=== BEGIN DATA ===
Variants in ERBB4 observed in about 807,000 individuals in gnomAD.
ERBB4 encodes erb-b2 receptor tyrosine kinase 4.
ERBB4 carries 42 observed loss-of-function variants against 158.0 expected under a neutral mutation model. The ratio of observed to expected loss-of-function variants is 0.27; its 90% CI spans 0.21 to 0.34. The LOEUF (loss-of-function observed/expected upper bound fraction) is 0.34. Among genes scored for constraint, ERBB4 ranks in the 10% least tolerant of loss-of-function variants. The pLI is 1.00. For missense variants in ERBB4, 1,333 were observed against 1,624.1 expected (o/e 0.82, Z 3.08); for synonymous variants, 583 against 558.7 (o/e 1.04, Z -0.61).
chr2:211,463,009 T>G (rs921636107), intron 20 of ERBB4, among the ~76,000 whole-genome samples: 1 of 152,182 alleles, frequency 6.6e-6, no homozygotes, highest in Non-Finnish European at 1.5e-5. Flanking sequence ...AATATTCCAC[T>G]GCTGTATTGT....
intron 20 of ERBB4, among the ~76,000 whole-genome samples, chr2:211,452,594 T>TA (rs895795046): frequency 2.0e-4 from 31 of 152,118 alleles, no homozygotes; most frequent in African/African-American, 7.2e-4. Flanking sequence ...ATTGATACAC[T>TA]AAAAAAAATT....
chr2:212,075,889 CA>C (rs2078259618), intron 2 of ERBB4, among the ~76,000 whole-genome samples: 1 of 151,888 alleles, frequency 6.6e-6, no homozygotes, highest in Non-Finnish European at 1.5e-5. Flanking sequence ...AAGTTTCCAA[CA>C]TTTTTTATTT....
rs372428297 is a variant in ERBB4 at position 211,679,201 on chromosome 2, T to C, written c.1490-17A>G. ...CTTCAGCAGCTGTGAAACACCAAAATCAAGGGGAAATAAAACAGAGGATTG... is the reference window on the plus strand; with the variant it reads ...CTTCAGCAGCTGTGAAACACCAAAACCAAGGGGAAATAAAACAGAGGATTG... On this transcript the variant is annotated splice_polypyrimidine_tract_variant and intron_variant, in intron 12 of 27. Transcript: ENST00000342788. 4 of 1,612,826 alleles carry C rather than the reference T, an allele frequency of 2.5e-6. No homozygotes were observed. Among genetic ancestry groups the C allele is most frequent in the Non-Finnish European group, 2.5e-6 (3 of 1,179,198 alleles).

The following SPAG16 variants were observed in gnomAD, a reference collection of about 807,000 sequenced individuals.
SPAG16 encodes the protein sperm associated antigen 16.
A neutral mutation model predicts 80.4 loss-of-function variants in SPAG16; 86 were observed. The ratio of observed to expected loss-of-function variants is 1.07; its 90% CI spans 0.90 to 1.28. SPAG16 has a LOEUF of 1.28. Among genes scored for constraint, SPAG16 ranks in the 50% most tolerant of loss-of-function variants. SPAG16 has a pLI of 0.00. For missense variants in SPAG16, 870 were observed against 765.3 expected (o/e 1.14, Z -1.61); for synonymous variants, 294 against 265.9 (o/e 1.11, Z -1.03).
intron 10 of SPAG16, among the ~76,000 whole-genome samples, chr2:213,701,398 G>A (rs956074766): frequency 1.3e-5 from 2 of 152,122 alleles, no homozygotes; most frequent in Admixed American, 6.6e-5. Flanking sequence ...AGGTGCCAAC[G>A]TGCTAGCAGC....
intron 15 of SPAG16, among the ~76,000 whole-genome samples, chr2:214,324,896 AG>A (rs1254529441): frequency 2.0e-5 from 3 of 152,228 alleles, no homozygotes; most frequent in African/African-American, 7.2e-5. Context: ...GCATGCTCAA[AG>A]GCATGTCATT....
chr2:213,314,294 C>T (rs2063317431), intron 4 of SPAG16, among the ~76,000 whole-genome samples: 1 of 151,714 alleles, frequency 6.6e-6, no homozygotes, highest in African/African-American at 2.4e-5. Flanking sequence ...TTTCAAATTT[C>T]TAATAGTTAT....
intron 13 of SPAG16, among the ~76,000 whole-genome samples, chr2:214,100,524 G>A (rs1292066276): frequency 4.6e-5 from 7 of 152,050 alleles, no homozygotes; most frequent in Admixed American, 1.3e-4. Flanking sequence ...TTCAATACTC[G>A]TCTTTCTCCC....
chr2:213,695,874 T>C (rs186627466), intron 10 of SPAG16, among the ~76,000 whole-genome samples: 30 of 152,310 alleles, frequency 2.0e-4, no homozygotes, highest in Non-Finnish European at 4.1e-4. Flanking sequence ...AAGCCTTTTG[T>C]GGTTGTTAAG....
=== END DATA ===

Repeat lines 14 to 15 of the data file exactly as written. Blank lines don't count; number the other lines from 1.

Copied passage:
intron 13 of SPAG16, among the ~76,000 whole-genome samples, chr2:214,100,524 G>A (rs1292066276): frequency 4.6e-5 from 7 of 152,050 alleles, no homozygotes; most frequent in Admixed American, 1.3e-4. Flanking sequence ...TTCAATACTC[G>A]TCTTTCTCCC....
chr2:213,695,874 T>C (rs186627466), intron 10 of SPAG16, among the ~76,000 whole-genome samples: 30 of 152,310 alleles, frequency 2.0e-4, no homozygotes, highest in Non-Finnish European at 4.1e-4. Flanking sequence ...AAGCCTTTTG[T>C]GGTTGTTAAG....